A History of Wycombe in 10 Objects

Walk through a history of Wycombe with our permanent exhibition. Our galleries tell the story of Wycombe District through 10 key objects from a Prehistoric hand axe to a Modern Wycombe Wanderers rosette. Each of the 10 key objects tells us about a part of Wycombe’s history, but there are more than 10 things to see! From thousands of objects in the Museum’s collection, we have chosen a selection that connects to and supports these key objects. Many of the connections are between objects from different points in history and some of the relationships might be unexpected or surprising! Objects can tell us about the past, but we are also free to make our own meanings from the Museum displays. The objects have been selected to include objects that are surprising, important, beautiful, quirky, wonderful, and the everyday. Come and see our History of Wycombe in 10 Objects, and the many stories they all tell.

NEW: 20th Century Furniture

From 19 May

This mini exhibition is an introduction to Wycombe’s furniture industry in the 20th century, especially how the two World Wars influenced chair designs. It is also an opportunity to find out about plans for our furniture project. Working with Bucks New University we want to talk to people about their memories of the local industry, create new exhibitions, and celebrate our unique local furniture heritage in new ways. Get in touch if you have memories to share – we would love to hear from you.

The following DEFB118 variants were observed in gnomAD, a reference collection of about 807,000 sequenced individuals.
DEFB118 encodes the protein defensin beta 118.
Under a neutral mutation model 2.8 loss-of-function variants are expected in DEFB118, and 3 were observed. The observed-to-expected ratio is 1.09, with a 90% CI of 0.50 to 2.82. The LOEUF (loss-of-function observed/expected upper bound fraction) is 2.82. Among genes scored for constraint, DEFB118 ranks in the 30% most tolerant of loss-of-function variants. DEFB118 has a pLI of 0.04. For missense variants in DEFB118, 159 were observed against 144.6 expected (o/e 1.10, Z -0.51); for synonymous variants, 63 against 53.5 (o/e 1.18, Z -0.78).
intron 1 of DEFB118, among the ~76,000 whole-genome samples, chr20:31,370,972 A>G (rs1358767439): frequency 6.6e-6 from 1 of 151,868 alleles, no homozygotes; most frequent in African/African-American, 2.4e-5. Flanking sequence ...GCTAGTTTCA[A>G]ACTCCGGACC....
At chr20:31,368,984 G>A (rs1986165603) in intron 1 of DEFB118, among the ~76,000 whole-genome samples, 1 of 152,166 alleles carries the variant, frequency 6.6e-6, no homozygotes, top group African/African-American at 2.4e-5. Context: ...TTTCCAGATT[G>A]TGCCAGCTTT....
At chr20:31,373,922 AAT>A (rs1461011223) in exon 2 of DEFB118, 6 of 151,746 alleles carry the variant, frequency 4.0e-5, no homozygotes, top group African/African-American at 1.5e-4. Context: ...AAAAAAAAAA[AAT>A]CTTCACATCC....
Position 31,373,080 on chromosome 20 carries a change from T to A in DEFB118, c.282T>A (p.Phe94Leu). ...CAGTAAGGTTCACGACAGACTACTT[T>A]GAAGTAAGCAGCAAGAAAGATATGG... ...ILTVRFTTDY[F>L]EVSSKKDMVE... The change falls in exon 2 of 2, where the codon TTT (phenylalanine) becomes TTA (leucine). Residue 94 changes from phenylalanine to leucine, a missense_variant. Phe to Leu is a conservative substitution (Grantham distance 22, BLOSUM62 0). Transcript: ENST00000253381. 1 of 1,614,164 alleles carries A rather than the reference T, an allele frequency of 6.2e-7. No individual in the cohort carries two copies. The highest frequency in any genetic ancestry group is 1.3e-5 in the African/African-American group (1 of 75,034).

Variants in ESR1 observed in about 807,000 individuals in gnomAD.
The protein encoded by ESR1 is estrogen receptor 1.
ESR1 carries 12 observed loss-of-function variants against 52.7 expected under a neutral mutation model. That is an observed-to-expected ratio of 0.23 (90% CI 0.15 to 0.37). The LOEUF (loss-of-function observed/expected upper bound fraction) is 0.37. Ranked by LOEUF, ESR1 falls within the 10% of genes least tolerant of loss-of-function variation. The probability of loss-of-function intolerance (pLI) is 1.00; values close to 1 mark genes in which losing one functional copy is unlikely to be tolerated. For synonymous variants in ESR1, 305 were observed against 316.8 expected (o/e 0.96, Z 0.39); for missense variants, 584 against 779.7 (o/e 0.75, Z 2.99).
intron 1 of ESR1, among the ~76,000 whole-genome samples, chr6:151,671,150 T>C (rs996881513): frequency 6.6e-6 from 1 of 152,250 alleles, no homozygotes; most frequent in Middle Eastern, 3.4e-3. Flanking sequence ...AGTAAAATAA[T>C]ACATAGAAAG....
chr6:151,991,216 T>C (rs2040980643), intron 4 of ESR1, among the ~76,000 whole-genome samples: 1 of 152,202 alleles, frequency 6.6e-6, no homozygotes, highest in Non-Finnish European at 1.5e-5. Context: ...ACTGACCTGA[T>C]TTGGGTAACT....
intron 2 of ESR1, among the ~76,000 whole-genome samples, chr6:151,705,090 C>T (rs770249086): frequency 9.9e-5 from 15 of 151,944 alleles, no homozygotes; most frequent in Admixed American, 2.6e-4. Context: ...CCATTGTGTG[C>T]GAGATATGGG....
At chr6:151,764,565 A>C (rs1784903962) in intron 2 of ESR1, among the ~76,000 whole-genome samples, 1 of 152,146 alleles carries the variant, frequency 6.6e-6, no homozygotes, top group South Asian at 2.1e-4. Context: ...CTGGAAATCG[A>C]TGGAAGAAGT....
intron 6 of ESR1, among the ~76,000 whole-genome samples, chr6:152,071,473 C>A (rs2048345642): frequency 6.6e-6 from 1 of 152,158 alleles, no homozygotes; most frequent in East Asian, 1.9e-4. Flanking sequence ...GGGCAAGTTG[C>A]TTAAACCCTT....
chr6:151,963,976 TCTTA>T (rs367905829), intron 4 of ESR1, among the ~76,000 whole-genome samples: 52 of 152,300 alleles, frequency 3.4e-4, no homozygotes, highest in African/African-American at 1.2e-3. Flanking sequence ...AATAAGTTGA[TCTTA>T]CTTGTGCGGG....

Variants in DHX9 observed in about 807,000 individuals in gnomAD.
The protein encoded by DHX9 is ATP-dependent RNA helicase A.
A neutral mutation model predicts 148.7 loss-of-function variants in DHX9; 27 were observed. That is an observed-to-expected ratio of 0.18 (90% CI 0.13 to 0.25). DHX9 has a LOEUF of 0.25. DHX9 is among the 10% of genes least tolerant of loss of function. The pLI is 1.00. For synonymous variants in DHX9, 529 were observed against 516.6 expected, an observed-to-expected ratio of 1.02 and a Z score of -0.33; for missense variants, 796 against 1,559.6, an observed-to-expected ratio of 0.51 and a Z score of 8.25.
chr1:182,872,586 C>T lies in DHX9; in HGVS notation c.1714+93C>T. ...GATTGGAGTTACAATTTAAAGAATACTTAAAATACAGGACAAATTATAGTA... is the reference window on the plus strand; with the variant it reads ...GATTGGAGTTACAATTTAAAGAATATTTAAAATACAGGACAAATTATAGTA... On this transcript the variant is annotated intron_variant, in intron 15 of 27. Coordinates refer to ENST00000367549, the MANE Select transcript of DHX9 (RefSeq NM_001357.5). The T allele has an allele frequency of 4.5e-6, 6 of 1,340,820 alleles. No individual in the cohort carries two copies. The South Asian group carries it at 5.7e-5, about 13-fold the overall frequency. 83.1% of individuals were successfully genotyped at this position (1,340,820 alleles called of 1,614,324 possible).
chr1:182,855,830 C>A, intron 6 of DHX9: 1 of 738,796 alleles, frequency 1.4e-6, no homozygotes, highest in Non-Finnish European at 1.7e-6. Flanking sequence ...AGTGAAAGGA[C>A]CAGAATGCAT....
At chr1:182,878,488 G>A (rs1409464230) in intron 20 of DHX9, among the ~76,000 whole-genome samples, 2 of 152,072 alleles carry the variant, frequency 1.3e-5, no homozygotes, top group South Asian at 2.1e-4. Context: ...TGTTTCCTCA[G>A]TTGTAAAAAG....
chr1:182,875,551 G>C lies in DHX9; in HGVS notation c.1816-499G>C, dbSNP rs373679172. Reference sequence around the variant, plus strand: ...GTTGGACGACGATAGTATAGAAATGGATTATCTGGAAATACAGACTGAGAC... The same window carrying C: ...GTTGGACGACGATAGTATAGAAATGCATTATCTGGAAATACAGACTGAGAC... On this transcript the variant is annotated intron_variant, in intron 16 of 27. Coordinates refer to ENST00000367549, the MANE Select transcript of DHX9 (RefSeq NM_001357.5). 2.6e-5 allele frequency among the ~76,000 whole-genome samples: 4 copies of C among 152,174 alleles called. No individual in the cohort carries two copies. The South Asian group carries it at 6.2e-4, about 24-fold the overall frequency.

Food: Beer, Bacon Badgers and Bhajis

Local foods through history and today

From 24 June

This exhibition celebrates everything edible and delicious in Wycombe District from Prehistory to the present day. Find out which foods are grown and produced in the area, how table manners have changed throughout history, and all about local specialities such as Bucks bacon badgers and lardy cakes. Lots of hands-on activities for all!

food combined

The Art of Dying

Until 15 April

An exhibition of art and history about Wycombe Cemetery featuring works by Cally Trench, Alex Dewart and Sally Scagell.

The first burial at High Wycombe Cemetery – of a baby called Emily Smith – took place in 1855. Since then hundreds of local people have been buried or had their ashes interred there. This exhibition shows drawings, films, and paintings made in response to the cemetery, and explores its history and the stories associated with its most remarkable monuments.

art of dying joined